Falwell sorta conceded that perhaps Trump could’ve been more sensitive to “my friends in the Jewish community,” that perhaps “he could be more polished and more politically correct.”
(Hang on a sec. Since when is it “politically correct” to condemn Nazis? Didn’t we conclude as a nation, on a bipartisan basis 75 years ago, that Nazis were bad?)
He goes on to report that Falwell asserted that Trump “spoke from his heart.”
If this is indeed the case, and there is no reason to doubt it, said heart is not a pretty place. Nor are the hearts of ones who would defend it.
Several advisory boards to the President have recently resigned en mass as a result of Trump’s embrace of Neo-Nazis and his mealy-mouthed refusal to condemn the Confederate insurgency in Charlottesville, Virginia. Admittedly these groups are largely symbolic, but there is a larger symbolism in their resignations.
At the Washington Monthly, Nancy LeTourneau considers the implications of corporate CEOs’ jump off the Trump ship. A snippet (follow the link for the complete article:
Our current president is now getting the same kind of treatment from corporate CEOs over his racist remarks that Republican governors and state legislators have been getting over other so-called “cultural issues.” But that exacerbates a collision with what we’ve called “nostalgia voters,” or the “confederate insurgency” that has been ignited to defend against the very racial/sexual/religious changes that threaten their world view.
This move brings into focus a growing fissure within the Republican Party. Historically, corporate leaders have been one of the key members of the Republican coalition—along with military hawks and white evangelicals. But some of the cultural issues that define the attachment of evangelicals to the party are the very ones that are driving the corporate world away.
The conventional wisdom is that the Republican Party’s corporate masters have been willing to tolerate the Republican Party’s bigots and culture warriors so long as the corporations get the tax cuts and other breaks they want. It will be curious to see whether Trumpery leads to the dissolution of that uneasy partnership.
Writing from disgust, Robert F. Lyons protests Donald Trump’s and the Trumpkins’ immigration proposals by telling the story of his Irish immigrant ancestors.
Paul said, “Faith is the evidence of things unseen.”
He did not say that it is the disproof of things seen.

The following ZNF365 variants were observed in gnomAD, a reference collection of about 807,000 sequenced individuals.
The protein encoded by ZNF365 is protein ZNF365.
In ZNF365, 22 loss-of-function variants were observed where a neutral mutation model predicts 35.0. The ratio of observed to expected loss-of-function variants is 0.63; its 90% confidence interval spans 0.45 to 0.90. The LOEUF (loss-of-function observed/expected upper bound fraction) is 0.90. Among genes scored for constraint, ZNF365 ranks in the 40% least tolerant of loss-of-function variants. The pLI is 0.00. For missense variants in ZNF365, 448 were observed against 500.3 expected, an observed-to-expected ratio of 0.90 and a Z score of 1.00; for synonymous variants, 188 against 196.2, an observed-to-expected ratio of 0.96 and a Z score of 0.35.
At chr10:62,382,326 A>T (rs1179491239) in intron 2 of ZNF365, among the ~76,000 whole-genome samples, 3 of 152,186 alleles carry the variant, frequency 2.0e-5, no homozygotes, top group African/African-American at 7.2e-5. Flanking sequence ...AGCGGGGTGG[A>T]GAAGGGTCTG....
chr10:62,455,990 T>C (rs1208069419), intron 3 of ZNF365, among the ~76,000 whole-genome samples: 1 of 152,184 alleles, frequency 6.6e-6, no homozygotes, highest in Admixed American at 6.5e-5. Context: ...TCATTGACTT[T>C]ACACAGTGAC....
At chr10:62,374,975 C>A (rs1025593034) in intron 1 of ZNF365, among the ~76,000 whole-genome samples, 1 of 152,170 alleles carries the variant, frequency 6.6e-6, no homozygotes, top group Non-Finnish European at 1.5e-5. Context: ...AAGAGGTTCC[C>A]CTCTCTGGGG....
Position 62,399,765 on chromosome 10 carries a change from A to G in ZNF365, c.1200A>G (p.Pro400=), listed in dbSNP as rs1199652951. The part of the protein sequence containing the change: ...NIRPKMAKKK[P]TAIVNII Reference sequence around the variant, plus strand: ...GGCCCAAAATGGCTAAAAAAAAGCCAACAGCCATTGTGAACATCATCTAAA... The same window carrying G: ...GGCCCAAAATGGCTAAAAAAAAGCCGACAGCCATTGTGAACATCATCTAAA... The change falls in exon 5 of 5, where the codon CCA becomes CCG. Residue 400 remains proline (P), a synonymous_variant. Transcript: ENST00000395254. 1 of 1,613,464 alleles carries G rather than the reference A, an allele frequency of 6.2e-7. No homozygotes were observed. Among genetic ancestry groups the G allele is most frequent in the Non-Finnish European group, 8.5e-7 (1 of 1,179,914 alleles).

Thom rounds up a few stories that haven’t gotten much notice in the furor over healthcare.
Elise Viebeck discusses the bullying behavior of the macho, macho men of the Republican Party and their nasty, nasty attitudes towards women Republican. A snippet (follow the link for the rest):
In the last week, Sen. Susan Collins has been challenged by a male lawmaker to a duel. She and Sen. Lisa Murkowski, Alaska, were told they and others deserve a physical reprimand for their decisions not to support Republican health-care proposals. Murkowski, who voted with Collins against starting the health-care debate this week, was specifically called out by President Donald Trump on Twitter and told by a Cabinet official that Alaska could suffer for her choice, according to a colleague.
The language of retribution increasingly adopted by Republican men reflects Trump’s influence and underscores the challenges Republican women can face when opposing the consensus of their party, which remains dominated by men, outside experts said.
I think an argument can be made that the bullying impulses have always been there in the party of family values. What has changed is that the bullies now believe Donald Trump’s ascendency has given them permission to be what they always have been.
Timothy Egan marvels at the unwavering support that evangelical they-call-themselves-Christians have for Donald Trump, a venal vulgarian who makes Bob Guccione look like a choir boy, and concludes
Follow the link to learn why he says that.
Leonard Pitts, Jr., notes that it’s a thing:
Has anyone else noticed that the more power the extreme right wing amasses, the less satisfied it seems to be? That the more government it controls, the more fearful and angry the extreme right becomes?
More at the link.